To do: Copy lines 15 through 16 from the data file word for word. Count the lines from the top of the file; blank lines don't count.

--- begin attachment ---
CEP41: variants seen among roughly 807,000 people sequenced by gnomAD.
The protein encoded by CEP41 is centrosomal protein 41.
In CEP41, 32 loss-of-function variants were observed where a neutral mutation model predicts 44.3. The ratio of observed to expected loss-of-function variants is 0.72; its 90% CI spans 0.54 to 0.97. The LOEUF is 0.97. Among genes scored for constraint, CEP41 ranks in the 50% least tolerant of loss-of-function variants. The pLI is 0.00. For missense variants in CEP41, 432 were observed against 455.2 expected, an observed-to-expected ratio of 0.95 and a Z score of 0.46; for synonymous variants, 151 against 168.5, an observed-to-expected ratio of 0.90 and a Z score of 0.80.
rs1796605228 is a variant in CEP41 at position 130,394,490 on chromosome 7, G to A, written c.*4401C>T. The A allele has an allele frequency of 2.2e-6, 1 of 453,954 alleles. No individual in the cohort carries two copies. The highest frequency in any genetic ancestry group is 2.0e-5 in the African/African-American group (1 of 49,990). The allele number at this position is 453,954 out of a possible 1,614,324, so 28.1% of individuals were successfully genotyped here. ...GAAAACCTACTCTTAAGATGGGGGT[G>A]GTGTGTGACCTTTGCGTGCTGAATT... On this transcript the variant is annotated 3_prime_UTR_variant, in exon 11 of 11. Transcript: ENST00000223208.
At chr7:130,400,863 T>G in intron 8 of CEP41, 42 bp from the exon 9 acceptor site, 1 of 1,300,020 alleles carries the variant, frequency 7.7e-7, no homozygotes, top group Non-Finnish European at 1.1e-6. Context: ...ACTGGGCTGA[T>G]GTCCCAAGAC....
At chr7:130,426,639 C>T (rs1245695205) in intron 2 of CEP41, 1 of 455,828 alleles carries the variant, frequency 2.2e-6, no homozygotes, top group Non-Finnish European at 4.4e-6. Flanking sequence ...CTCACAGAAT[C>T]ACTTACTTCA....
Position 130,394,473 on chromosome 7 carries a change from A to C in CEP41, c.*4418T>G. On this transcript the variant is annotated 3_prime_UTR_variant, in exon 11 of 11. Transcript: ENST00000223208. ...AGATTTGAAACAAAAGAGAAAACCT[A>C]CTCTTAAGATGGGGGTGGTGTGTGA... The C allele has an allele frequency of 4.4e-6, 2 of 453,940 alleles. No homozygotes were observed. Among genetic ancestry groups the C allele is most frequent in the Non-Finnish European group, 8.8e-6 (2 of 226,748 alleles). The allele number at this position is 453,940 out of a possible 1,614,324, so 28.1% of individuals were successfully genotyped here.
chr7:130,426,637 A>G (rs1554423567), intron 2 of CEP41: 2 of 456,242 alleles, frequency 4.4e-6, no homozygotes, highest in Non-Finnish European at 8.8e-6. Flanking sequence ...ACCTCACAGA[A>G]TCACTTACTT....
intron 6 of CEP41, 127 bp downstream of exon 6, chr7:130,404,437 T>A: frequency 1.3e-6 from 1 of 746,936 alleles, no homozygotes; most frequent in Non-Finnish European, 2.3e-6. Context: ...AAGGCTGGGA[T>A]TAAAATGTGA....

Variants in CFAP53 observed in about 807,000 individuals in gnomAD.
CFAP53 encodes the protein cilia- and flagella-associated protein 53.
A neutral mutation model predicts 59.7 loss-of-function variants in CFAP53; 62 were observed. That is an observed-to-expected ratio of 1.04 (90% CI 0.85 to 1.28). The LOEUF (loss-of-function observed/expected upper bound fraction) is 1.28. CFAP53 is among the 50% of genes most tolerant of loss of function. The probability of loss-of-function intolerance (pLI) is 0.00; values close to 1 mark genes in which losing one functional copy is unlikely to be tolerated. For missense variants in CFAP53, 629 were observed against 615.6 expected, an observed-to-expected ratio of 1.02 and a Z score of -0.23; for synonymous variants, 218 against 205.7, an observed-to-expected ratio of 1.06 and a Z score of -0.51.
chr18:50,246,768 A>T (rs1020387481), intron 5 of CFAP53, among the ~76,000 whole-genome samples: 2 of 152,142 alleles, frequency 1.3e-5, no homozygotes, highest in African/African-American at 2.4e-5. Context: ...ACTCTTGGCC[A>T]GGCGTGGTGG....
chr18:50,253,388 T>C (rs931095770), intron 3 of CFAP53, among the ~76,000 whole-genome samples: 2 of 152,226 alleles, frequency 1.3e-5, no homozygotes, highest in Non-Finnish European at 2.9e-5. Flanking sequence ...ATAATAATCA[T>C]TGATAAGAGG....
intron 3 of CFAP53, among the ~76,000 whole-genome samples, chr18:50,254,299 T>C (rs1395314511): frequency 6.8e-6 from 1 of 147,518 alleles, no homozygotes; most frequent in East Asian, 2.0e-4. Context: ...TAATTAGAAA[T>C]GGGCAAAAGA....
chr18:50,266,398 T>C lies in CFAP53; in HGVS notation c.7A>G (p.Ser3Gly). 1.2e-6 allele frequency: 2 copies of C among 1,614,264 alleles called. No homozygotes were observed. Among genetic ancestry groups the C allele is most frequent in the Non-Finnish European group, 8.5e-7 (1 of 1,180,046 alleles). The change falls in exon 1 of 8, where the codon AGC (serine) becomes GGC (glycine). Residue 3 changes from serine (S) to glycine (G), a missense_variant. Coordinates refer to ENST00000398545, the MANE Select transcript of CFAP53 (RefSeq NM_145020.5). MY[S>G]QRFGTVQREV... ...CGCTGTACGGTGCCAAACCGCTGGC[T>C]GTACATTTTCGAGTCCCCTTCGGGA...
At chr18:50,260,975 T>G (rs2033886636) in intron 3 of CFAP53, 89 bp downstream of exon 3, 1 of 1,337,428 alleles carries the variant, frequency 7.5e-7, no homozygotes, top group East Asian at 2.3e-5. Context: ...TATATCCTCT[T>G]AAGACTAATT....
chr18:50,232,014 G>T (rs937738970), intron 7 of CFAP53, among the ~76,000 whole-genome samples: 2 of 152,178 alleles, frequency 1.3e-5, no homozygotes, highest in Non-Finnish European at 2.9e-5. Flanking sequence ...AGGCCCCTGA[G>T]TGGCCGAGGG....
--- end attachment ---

intron 3 of CFAP53, among the ~76,000 whole-genome samples, chr18:50,254,299 T>C (rs1395314511): frequency 6.8e-6 from 1 of 147,518 alleles, no homozygotes; most frequent in East Asian, 2.0e-4. Context: ...TAATTAGAAA[T>C]GGGCAAAAGA....
chr18:50,266,398 T>C lies in CFAP53; in HGVS notation c.7A>G (p.Ser3Gly). 1.2e-6 allele frequency: 2 copies of C among 1,614,264 alleles called. No homozygotes were observed. Among genetic ancestry groups the C allele is most frequent in the Non-Finnish European group, 8.5e-7 (1 of 1,180,046 alleles). The change falls in exon 1 of 8, where the codon AGC (serine) becomes GGC (glycine). Residue 3 changes from serine (S) to glycine (G), a missense_variant. Coordinates refer to ENST00000398545, the MANE Select transcript of CFAP53 (RefSeq NM_145020.5). MY[S>G]QRFGTVQREV... ...CGCTGTACGGTGCCAAACCGCTGGC[T>C]GTACATTTTCGAGTCCCCTTCGGGA...